‘A slap in the face’: Misgendering and concerns regarding pronoun usage

Karlii Beaulieu is not standing for being misgendered following a recent interaction with her bank.

She says during that conversation, numerous employees misgendered her several times.

“Hearing someone that you’re trusting with your money say ‘Hello, sir’ when you’re clearly female is a slap in the face,” she says.

Beaulieu believes more people and corporations should be learning how to interact with inclusivity in mind.

“We really need to focus on what we can do around that,” she says, “educating more adults on how we can handle the situation better.”

Tory McNally, HR services director for Legacy Bowes, says interactions between employers, employees, and customers are an evolution and should continue to evolve in an inclusive way.

“It will be an ongoing effort that needs to be made throughout people’s lives,” she says, “but I think that anything you can do to further the cause and create that recognition is important.”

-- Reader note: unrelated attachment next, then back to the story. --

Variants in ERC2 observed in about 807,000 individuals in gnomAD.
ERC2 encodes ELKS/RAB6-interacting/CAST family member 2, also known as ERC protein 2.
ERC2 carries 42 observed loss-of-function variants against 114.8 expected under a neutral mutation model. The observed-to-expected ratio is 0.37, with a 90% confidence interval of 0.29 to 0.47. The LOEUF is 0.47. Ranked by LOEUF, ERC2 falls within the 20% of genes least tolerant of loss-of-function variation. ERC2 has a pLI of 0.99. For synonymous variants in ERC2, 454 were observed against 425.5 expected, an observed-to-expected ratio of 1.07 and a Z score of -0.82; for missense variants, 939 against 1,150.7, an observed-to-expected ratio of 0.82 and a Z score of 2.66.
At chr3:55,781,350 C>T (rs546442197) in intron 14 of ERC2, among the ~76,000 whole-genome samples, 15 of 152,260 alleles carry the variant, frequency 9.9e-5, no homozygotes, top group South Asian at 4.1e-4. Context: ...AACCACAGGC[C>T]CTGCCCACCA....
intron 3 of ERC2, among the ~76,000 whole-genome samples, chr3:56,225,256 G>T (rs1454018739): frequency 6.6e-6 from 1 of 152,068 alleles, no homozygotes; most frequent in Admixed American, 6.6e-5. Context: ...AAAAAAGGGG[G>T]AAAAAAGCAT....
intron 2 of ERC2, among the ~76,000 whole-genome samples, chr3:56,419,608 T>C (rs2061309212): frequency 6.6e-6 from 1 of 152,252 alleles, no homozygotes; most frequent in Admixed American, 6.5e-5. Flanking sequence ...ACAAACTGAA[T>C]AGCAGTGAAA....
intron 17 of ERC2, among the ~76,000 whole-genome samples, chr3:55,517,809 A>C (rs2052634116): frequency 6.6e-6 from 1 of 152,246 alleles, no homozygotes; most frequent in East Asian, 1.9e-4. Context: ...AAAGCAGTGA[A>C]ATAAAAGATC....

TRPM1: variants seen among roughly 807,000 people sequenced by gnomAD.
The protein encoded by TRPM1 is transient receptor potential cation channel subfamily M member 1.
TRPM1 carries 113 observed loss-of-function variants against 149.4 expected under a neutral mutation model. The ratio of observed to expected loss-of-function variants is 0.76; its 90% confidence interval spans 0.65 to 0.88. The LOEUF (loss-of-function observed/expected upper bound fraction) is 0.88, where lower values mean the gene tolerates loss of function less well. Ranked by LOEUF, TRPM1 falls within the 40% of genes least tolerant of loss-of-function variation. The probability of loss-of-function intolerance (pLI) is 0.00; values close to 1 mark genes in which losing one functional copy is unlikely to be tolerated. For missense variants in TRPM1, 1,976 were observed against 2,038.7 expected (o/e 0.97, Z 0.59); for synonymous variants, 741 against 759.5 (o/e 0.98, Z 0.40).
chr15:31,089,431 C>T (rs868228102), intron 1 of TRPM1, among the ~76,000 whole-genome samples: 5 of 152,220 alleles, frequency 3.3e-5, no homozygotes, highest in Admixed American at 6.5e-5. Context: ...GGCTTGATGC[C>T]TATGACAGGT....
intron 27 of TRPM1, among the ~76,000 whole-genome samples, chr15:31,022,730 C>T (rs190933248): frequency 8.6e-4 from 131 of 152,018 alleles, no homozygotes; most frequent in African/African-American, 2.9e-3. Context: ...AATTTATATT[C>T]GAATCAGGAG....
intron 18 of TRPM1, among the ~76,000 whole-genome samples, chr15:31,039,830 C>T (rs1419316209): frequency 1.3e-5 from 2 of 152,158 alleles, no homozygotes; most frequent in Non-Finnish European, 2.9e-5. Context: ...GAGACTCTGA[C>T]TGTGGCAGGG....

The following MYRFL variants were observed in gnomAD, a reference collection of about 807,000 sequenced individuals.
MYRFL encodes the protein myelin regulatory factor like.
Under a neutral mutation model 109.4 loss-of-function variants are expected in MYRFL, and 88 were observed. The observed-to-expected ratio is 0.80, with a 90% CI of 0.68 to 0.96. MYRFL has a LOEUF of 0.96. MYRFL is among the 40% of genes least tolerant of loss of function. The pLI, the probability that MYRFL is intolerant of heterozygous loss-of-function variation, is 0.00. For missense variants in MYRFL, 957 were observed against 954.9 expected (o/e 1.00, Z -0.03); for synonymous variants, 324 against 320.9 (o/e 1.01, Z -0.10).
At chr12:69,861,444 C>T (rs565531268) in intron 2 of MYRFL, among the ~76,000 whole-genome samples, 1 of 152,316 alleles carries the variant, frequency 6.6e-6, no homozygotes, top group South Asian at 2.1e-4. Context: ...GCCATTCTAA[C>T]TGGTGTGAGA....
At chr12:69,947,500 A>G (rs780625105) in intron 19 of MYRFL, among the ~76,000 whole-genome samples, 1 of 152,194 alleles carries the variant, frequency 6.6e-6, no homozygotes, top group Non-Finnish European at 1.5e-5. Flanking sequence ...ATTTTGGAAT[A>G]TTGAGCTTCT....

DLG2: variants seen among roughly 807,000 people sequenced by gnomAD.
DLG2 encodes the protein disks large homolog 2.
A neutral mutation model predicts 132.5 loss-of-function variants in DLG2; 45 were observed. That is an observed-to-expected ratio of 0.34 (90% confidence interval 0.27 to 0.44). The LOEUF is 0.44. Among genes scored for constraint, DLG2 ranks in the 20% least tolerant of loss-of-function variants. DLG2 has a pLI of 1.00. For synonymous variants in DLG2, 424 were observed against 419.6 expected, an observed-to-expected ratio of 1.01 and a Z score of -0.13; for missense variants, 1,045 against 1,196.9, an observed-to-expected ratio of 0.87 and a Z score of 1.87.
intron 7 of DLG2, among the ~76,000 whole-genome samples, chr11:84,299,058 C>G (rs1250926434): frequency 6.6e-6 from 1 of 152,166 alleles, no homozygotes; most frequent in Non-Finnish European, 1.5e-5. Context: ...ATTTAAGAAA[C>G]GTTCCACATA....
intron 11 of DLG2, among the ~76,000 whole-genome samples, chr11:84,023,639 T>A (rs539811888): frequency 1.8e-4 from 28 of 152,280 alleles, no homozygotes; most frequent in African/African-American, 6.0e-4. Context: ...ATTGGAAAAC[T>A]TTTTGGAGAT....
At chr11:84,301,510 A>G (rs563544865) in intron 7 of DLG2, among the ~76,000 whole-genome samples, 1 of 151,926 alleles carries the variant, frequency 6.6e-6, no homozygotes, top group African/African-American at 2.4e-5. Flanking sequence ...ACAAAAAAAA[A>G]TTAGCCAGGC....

“I just think [gender fluidity] is part of who I am, just the same way as any other gender,” says Koda Maxon, a gallery attendant with the Art Gallery of Southwestern Manitoba. They identify as gender fluid with they/them pronouns.

Their journey of self-discovery was one of healing and working on themselves.

“You ask someone what being a woman is in your identity and there might be different answers,” they said. “But it’s not something that’s so black and white to me.”

From an HR perspective, McNally says it’s important for companies not to make assumptions regarding their employees.

“That’s not their entire identity always either. They don’t always want to be the token individual at work who’s answering to those kinds of things,” she adds. “So treat them as a human, treat them as a quote-unquote ‘regular employee’, and allow them to do their jobs the vast majority of the time. Give them the accommodation and the respect that they require when they ask.”

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